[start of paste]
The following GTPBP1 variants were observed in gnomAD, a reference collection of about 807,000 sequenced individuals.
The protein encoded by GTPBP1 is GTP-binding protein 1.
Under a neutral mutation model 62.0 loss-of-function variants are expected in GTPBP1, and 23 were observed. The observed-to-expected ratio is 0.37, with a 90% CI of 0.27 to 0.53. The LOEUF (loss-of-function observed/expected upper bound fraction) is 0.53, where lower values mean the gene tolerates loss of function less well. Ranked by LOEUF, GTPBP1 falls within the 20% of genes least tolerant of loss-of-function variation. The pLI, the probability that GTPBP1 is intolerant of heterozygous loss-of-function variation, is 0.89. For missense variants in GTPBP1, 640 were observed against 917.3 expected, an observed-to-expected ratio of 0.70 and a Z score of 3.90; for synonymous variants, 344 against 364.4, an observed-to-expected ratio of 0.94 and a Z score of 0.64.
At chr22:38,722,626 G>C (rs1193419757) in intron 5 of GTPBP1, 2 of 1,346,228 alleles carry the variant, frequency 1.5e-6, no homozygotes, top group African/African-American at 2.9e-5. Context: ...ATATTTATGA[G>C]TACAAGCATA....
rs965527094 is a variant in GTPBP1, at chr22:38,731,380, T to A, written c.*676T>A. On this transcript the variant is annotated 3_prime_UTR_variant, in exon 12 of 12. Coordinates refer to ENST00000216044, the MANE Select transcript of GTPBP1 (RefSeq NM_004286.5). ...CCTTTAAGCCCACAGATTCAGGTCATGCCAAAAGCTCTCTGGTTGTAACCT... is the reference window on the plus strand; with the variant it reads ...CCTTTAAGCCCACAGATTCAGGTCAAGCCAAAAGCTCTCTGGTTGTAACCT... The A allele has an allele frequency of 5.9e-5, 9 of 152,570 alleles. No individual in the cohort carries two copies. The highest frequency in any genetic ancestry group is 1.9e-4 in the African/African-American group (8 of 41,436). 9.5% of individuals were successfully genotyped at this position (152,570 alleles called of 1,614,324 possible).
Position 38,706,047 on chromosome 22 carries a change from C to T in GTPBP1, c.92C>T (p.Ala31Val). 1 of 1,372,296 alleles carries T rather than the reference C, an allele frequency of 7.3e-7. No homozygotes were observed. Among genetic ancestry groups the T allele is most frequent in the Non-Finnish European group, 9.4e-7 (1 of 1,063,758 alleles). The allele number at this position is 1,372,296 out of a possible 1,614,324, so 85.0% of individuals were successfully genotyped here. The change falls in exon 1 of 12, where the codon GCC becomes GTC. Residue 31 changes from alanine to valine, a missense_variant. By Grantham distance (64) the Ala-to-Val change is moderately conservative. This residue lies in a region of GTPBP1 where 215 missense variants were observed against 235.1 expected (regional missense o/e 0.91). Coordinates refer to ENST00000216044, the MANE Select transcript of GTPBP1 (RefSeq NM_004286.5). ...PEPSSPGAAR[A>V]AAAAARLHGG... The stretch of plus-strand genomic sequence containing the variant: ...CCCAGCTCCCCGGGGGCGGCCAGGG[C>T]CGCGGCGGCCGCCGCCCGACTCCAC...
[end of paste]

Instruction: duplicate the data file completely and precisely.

The following GTPBP1 variants were observed in gnomAD, a reference collection of about 807,000 sequenced individuals.
The protein encoded by GTPBP1 is GTP-binding protein 1.
Under a neutral mutation model 62.0 loss-of-function variants are expected in GTPBP1, and 23 were observed. The observed-to-expected ratio is 0.37, with a 90% CI of 0.27 to 0.53. The LOEUF (loss-of-function observed/expected upper bound fraction) is 0.53, where lower values mean the gene tolerates loss of function less well. Ranked by LOEUF, GTPBP1 falls within the 20% of genes least tolerant of loss-of-function variation. The pLI, the probability that GTPBP1 is intolerant of heterozygous loss-of-function variation, is 0.89. For missense variants in GTPBP1, 640 were observed against 917.3 expected, an observed-to-expected ratio of 0.70 and a Z score of 3.90; for synonymous variants, 344 against 364.4, an observed-to-expected ratio of 0.94 and a Z score of 0.64.
At chr22:38,722,626 G>C (rs1193419757) in intron 5 of GTPBP1, 2 of 1,346,228 alleles carry the variant, frequency 1.5e-6, no homozygotes, top group African/African-American at 2.9e-5. Context: ...ATATTTATGA[G>C]TACAAGCATA....
rs965527094 is a variant in GTPBP1, at chr22:38,731,380, T to A, written c.*676T>A. On this transcript the variant is annotated 3_prime_UTR_variant, in exon 12 of 12. Coordinates refer to ENST00000216044, the MANE Select transcript of GTPBP1 (RefSeq NM_004286.5). ...CCTTTAAGCCCACAGATTCAGGTCATGCCAAAAGCTCTCTGGTTGTAACCT... is the reference window on the plus strand; with the variant it reads ...CCTTTAAGCCCACAGATTCAGGTCAAGCCAAAAGCTCTCTGGTTGTAACCT... The A allele has an allele frequency of 5.9e-5, 9 of 152,570 alleles. No individual in the cohort carries two copies. The highest frequency in any genetic ancestry group is 1.9e-4 in the African/African-American group (8 of 41,436). 9.5% of individuals were successfully genotyped at this position (152,570 alleles called of 1,614,324 possible).
Position 38,706,047 on chromosome 22 carries a change from C to T in GTPBP1, c.92C>T (p.Ala31Val). 1 of 1,372,296 alleles carries T rather than the reference C, an allele frequency of 7.3e-7. No homozygotes were observed. Among genetic ancestry groups the T allele is most frequent in the Non-Finnish European group, 9.4e-7 (1 of 1,063,758 alleles). The allele number at this position is 1,372,296 out of a possible 1,614,324, so 85.0% of individuals were successfully genotyped here. The change falls in exon 1 of 12, where the codon GCC becomes GTC. Residue 31 changes from alanine to valine, a missense_variant. By Grantham distance (64) the Ala-to-Val change is moderately conservative. This residue lies in a region of GTPBP1 where 215 missense variants were observed against 235.1 expected (regional missense o/e 0.91). Coordinates refer to ENST00000216044, the MANE Select transcript of GTPBP1 (RefSeq NM_004286.5). ...PEPSSPGAAR[A>V]AAAAARLHGG... The stretch of plus-strand genomic sequence containing the variant: ...CCCAGCTCCCCGGGGGCGGCCAGGG[C>T]CGCGGCGGCCGCCGCCCGACTCCAC...